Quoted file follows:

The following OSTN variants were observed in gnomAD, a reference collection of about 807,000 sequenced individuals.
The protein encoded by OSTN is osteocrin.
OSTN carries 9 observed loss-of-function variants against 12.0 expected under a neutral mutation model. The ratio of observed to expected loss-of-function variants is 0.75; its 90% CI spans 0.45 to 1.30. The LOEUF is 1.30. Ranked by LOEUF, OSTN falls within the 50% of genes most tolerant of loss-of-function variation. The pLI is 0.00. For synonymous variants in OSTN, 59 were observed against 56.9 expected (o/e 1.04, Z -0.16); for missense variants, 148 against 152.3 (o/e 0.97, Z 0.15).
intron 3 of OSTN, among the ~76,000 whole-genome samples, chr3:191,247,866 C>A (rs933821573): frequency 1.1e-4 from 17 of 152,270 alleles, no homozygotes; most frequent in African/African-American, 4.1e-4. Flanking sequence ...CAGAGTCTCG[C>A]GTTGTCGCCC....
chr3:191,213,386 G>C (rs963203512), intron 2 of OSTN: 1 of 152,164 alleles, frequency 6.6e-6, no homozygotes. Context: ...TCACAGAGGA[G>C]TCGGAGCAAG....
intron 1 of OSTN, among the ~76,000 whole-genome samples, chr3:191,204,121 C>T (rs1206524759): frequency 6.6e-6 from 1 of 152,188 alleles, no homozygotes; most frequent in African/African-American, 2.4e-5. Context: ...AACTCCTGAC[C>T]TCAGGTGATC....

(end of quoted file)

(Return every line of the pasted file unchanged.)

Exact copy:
The following OSTN variants were observed in gnomAD, a reference collection of about 807,000 sequenced individuals.
The protein encoded by OSTN is osteocrin.
OSTN carries 9 observed loss-of-function variants against 12.0 expected under a neutral mutation model. The ratio of observed to expected loss-of-function variants is 0.75; its 90% CI spans 0.45 to 1.30. The LOEUF is 1.30. Ranked by LOEUF, OSTN falls within the 50% of genes most tolerant of loss-of-function variation. The pLI is 0.00. For synonymous variants in OSTN, 59 were observed against 56.9 expected (o/e 1.04, Z -0.16); for missense variants, 148 against 152.3 (o/e 0.97, Z 0.15).
intron 3 of OSTN, among the ~76,000 whole-genome samples, chr3:191,247,866 C>A (rs933821573): frequency 1.1e-4 from 17 of 152,270 alleles, no homozygotes; most frequent in African/African-American, 4.1e-4. Flanking sequence ...CAGAGTCTCG[C>A]GTTGTCGCCC....
chr3:191,213,386 G>C (rs963203512), intron 2 of OSTN: 1 of 152,164 alleles, frequency 6.6e-6, no homozygotes. Context: ...TCACAGAGGA[G>C]TCGGAGCAAG....
intron 1 of OSTN, among the ~76,000 whole-genome samples, chr3:191,204,121 C>T (rs1206524759): frequency 6.6e-6 from 1 of 152,188 alleles, no homozygotes; most frequent in African/African-American, 2.4e-5. Context: ...AACTCCTGAC[C>T]TCAGGTGATC....